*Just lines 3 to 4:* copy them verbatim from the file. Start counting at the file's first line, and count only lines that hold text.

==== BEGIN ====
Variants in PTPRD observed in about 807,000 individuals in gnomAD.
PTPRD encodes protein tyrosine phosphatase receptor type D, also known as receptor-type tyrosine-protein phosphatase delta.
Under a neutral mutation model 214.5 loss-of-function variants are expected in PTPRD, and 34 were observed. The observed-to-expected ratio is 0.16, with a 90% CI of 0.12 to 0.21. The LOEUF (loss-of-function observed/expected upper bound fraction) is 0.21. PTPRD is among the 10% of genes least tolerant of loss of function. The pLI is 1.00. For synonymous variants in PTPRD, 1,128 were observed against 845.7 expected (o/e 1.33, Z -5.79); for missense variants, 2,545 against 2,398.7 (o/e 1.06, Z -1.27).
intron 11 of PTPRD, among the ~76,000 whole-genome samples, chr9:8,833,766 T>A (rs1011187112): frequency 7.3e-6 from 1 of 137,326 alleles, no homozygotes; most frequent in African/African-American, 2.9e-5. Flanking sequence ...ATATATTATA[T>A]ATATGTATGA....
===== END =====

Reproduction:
Under a neutral mutation model 214.5 loss-of-function variants are expected in PTPRD, and 34 were observed. The observed-to-expected ratio is 0.16, with a 90% CI of 0.12 to 0.21. The LOEUF (loss-of-function observed/expected upper bound fraction) is 0.21. PTPRD is among the 10% of genes least tolerant of loss of function. The pLI is 1.00. For synonymous variants in PTPRD, 1,128 were observed against 845.7 expected (o/e 1.33, Z -5.79); for missense variants, 2,545 against 2,398.7 (o/e 1.06, Z -1.27).
intron 11 of PTPRD, among the ~76,000 whole-genome samples, chr9:8,833,766 T>A (rs1011187112): frequency 7.3e-6 from 1 of 137,326 alleles, no homozygotes; most frequent in African/African-American, 2.9e-5. Flanking sequence ...ATATATTATA[T>A]ATATGTATGA....